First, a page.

If however, you are married (officially -
The Road Traffic Act 1988 states that you cannot use a motor vehicle on UK roads and in public places without adequate Third Party insurance cover. This must cover damage or injury to any person, vehicle, animal or property. It will no provide cover for your own vehicle if you’re deemed at fault.
The Continuous Insurance Enforcement law states that a vehicle must be insured even if it’s off the road, unless it has been declared SORN (Statutory Off Road Notice) with the DVLA. If you don’t insure it or declare it SORN, you could face a fine of £100, the vehicle wheel clamped, impounded or destroyed. If you vehicle is impounded, a lot of insurers take the moral high ground on this and state on their certificates of insurance, cover is not provided for release from a Police impound. As you will need insurance to get your vehicle out of the impound, this can limit who will offer you insurance. You could also face a court prosecution and a fine of up to £1,000. Even if you were not the person driving the vehicle, if you’re the registered keeper, you can still be prosecuted or fined.
Question: “My car is SORN does it need insurance?” -
Motor Traders do not have to declare vehicles as SORN, providing they have registered them as “in trade” with DVLA.
The vehicle must have valid insurance and current MOT (if applicable -
You no longer have to display a Tax disc in or on your vehicle since 1st September 2014 again, because the Police or other authorities can check if your vehicle has these digitally.
Most insurers have a clause in their policy wording that states your policy could be void if the vehicle doesn’t have a current MOT certificate. If you had an accident and it was your fault, your insurer would have to deal with any Third Party claims under the RTA (Road Traffic Act), but they will not deal with your damages. Also, they could look to recover any costs they have made to a Third Party, which could include damage to their vehicle, property, personal injury, loss of earnings, medical treatment at the scene and ongoing medical costs. These costs could if you caused a serious collision run into tens of thousands, even millions of pounds in extreme cases. This could mean you losing your home to pay for the damages or even facing a custodial sentence.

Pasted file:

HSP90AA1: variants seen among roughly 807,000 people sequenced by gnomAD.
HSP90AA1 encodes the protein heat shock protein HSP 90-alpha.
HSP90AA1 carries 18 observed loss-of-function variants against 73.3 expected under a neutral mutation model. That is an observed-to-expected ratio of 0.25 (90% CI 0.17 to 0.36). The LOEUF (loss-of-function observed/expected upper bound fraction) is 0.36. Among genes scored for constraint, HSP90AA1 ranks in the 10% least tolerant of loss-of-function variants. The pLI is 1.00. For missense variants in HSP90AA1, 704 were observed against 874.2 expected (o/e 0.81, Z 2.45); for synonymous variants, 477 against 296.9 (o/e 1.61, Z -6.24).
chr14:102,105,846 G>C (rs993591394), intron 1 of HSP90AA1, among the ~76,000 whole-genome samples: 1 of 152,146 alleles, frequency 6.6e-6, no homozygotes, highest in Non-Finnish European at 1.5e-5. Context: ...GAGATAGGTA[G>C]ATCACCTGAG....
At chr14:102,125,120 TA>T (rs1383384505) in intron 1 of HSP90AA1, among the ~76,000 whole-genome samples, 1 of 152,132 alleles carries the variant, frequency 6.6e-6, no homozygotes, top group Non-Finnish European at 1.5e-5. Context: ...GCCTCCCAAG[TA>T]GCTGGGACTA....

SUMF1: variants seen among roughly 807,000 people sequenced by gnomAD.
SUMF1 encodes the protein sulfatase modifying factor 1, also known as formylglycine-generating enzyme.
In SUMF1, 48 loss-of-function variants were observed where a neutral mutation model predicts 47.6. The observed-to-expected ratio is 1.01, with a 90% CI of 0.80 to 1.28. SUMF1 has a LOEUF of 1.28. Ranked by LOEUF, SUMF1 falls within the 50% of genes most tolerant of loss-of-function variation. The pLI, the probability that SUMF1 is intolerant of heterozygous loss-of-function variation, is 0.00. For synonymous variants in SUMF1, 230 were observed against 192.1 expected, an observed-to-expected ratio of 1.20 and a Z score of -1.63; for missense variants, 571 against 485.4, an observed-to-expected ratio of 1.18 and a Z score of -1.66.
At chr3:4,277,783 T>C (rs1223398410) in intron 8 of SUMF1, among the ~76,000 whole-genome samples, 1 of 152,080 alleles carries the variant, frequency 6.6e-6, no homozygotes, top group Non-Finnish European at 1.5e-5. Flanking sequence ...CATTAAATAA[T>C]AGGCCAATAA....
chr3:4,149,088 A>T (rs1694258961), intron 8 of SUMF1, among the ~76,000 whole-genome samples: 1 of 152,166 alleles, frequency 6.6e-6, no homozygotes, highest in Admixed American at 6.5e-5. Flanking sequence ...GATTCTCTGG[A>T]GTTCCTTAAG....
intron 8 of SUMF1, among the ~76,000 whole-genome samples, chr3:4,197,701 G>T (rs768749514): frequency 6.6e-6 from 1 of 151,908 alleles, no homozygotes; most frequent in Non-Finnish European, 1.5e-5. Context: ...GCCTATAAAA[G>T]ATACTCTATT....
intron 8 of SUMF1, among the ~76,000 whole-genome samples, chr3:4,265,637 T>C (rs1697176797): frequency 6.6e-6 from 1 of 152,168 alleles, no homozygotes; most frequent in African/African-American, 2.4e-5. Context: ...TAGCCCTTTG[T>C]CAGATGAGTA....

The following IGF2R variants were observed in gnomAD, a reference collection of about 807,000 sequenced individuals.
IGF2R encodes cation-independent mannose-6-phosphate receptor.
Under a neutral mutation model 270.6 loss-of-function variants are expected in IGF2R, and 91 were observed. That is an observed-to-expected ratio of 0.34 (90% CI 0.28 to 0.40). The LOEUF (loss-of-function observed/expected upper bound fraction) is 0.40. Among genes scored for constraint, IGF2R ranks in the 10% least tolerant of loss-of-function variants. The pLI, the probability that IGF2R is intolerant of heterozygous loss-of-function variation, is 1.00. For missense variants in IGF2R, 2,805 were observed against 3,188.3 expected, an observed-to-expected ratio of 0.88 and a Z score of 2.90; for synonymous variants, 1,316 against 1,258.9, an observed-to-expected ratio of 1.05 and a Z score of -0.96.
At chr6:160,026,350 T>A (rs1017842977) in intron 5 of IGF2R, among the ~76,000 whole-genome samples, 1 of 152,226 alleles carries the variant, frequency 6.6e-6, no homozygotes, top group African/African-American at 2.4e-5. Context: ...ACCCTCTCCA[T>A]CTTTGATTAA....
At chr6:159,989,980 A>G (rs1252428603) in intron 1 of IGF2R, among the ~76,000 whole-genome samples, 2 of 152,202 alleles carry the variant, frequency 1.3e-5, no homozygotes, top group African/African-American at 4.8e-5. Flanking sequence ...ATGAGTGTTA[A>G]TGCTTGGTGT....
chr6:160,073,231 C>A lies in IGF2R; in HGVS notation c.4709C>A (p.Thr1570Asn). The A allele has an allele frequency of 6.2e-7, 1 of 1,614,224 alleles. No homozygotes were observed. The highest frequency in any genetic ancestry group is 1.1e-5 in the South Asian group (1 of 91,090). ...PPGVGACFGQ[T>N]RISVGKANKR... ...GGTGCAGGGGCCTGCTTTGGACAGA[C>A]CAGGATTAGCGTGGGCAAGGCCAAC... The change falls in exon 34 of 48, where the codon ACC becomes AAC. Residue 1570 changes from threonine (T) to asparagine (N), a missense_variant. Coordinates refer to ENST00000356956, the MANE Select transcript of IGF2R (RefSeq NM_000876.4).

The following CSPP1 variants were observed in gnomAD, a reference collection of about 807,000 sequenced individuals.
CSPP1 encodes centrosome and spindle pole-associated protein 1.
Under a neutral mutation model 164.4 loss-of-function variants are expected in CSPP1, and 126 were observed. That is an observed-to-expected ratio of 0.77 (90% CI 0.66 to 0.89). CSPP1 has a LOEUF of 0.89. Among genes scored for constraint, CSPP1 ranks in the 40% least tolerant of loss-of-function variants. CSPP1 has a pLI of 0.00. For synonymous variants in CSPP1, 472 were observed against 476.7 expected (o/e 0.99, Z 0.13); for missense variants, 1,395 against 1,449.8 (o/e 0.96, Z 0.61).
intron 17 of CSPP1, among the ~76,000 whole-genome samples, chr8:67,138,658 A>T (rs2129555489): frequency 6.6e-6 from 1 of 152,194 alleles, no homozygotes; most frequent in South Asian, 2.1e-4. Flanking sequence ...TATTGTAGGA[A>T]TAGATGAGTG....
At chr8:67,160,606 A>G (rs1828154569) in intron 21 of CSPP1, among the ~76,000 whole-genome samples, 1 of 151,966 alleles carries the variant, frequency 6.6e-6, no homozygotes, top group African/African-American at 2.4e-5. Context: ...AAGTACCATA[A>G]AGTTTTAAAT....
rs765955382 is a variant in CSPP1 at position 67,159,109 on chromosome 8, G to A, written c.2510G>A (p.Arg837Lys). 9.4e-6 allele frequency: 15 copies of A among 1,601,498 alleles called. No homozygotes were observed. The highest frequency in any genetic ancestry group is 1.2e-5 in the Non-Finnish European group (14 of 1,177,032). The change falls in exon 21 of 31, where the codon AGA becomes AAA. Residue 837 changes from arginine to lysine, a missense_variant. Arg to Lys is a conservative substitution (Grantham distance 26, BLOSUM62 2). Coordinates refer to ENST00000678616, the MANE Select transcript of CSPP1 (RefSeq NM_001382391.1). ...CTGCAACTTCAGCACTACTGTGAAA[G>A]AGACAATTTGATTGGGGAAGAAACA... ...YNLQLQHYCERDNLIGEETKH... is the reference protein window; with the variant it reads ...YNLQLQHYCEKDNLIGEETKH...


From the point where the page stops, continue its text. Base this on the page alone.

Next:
Providing your vehicle has a current motor insurance policy and you have pre-
There are about 6 levels of cover you can get for motor insurance, but the three main ones we are mostly familiar with are Comprehensive, Third Party Fire and Theft and Third Party Only. A lot of people refer to Comprehensive as Fully Comprehensive, but this term is a little outdated, because it makes people think they are covered for any eventuality insurers don’t like to use the word Fully as it may give a false impression. You will not be covered for example if your vehicle is stolen and the keys are either in or on the vehicle at the time of loss.